Suppose the US created a crypto-dollar and Europe created a crypto-euro. They would be as easy to transfer as Bitcoin—- and I anticipate that governments around the world will move in that direction. Indeed, once we have the crypto-dollar, the social value of private cryptocurrencies will be gone. I can see no good reason for Bitcoin once that happens.

You then have sudden price rises that bring attention to the crypto-ecosystem and you see cascading hype that forms what can be perceived as a bubble. You see these cycles returning time and time again, and it feels as if we are in one right now. Is it truly a bubble? If you look at the ecosystem as a whole, there are certain elements that definitely exhibit some tendencies of bubbles, but if you look at systems like Bitcoin — even after the corrections, the price still remains way above the previous cycle highs.

That is not the traditional trajectory of a bubble- they tend to have an upward trajectory, then a massive crash and no recovery. One of the defining aspects of cryptocurrencies is that there is no central-bank or issuer.

They are more like virtual, digital commodities rather than financial assets. You can compare crypto to gold which also has no issuer. You have a predetermined supply which can be verified without having to trust someone. Cryptocurrencies function quite similarly- they have a utility function in their own network which often becomes an incentive.

It is then through a complex interplay of game theory and economic incentive design that the system pulls together. You have a base asset, a unit of account and a pricing mechanism. You have Bitcoin with its native unit, BTC and Ethereum with its native unit ETH and can imagine them as international monetary systems that bring-together local ecosystems.

We are seeing the emergence, development and evolution of entire monetary systems live, unfolding before our eyes. Bitcoin may be the exception given its size and scale — but pretty much all other cryptocurrencies of which there are tens of thousands have no relevance at all.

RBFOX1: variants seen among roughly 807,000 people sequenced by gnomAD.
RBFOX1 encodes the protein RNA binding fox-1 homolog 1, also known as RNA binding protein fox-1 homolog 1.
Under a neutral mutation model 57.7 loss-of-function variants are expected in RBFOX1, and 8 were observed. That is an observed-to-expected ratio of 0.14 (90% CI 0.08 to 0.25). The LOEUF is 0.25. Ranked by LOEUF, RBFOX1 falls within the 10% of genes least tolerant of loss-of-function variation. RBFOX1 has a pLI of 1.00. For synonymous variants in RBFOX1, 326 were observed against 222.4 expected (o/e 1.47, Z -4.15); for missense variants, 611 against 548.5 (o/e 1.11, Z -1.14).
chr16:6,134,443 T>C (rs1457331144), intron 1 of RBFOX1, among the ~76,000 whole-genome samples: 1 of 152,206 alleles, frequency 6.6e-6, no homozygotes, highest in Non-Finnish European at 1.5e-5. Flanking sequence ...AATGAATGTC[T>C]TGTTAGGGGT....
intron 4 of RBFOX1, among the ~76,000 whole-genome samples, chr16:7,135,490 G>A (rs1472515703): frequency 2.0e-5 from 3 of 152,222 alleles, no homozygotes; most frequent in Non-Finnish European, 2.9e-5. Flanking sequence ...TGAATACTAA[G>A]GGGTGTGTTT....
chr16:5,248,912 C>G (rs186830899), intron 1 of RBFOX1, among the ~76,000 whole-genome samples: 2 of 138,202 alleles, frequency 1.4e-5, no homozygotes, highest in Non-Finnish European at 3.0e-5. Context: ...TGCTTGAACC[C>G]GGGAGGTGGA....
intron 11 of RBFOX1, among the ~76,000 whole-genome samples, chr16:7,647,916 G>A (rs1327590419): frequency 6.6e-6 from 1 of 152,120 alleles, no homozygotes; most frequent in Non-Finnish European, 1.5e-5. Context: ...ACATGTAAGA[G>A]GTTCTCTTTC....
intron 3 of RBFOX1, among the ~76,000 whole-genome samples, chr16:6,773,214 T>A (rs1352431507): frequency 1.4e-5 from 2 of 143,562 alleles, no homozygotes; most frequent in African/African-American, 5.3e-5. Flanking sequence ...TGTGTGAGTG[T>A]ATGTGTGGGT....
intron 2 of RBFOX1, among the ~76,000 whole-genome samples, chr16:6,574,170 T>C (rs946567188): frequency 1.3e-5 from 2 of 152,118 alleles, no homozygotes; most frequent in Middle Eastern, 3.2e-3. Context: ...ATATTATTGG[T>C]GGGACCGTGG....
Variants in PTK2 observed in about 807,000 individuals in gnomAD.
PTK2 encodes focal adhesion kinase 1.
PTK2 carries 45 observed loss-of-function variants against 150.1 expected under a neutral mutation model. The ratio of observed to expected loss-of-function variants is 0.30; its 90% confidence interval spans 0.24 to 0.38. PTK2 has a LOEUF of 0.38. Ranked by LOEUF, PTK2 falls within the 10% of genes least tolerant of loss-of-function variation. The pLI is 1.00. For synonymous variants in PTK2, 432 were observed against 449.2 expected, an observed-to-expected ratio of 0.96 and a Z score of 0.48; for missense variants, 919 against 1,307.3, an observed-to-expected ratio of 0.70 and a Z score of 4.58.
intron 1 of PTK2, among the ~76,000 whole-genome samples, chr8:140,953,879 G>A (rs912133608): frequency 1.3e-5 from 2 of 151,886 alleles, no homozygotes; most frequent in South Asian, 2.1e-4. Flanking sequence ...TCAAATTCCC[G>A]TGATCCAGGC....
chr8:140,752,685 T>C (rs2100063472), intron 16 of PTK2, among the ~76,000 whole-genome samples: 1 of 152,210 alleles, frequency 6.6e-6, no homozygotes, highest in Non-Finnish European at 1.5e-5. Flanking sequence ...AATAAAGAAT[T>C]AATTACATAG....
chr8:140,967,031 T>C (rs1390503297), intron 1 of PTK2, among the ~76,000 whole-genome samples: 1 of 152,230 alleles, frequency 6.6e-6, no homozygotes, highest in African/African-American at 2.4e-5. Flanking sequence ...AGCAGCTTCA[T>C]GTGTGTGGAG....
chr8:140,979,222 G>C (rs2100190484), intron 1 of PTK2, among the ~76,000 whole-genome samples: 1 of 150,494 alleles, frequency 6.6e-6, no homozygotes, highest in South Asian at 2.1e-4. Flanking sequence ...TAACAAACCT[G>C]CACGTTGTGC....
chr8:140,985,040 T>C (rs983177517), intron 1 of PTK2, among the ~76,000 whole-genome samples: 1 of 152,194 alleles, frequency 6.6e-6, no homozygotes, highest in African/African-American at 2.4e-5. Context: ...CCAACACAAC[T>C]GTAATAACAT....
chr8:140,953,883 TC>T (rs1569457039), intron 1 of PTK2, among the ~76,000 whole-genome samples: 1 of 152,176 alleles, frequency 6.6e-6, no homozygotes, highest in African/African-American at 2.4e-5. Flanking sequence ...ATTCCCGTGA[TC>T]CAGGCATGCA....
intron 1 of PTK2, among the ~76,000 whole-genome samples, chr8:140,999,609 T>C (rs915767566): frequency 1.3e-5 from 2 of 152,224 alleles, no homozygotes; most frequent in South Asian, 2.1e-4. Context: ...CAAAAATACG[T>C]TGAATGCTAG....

Q: What are the energy implications of cryptocurrencies and blockchain? Not every blockchain network needs to have that level of energy to function. There is a very specific design primitive that was introduced with Bitcoin called proof of work.

In recent years, researchers have come up with alternative mechanisms and theories to arrive at the proof without the insane levels of energy use but the consensus has not yet been reached about whether they offer the same level of guarantee and proof as the traditional method.

Until Bitcoiners are convinced by alternate mechanisms, this will not change. Q: Will we need to regulate cryptocurrency? This may be true in some cases, but at the network level — that is absolutely not the case. The actual industry that has formed around cryptocurrencies with employees, partners and so-forth are bound by the traditional regulations that apply to financial services of a similar nature. What regulators have done in the past and continue to do is to regulate the endpoints rather than the network — this gives much tighter control over the entire system as it enables the tracking of inflows and outflows.

Q: Do cryptocurrencies facilitate crime? Every single transaction by every single participant is stored forever. This is a super-inefficient way to run any payment system or financial market, but it gives a level of trust that makes the system valuable to start with.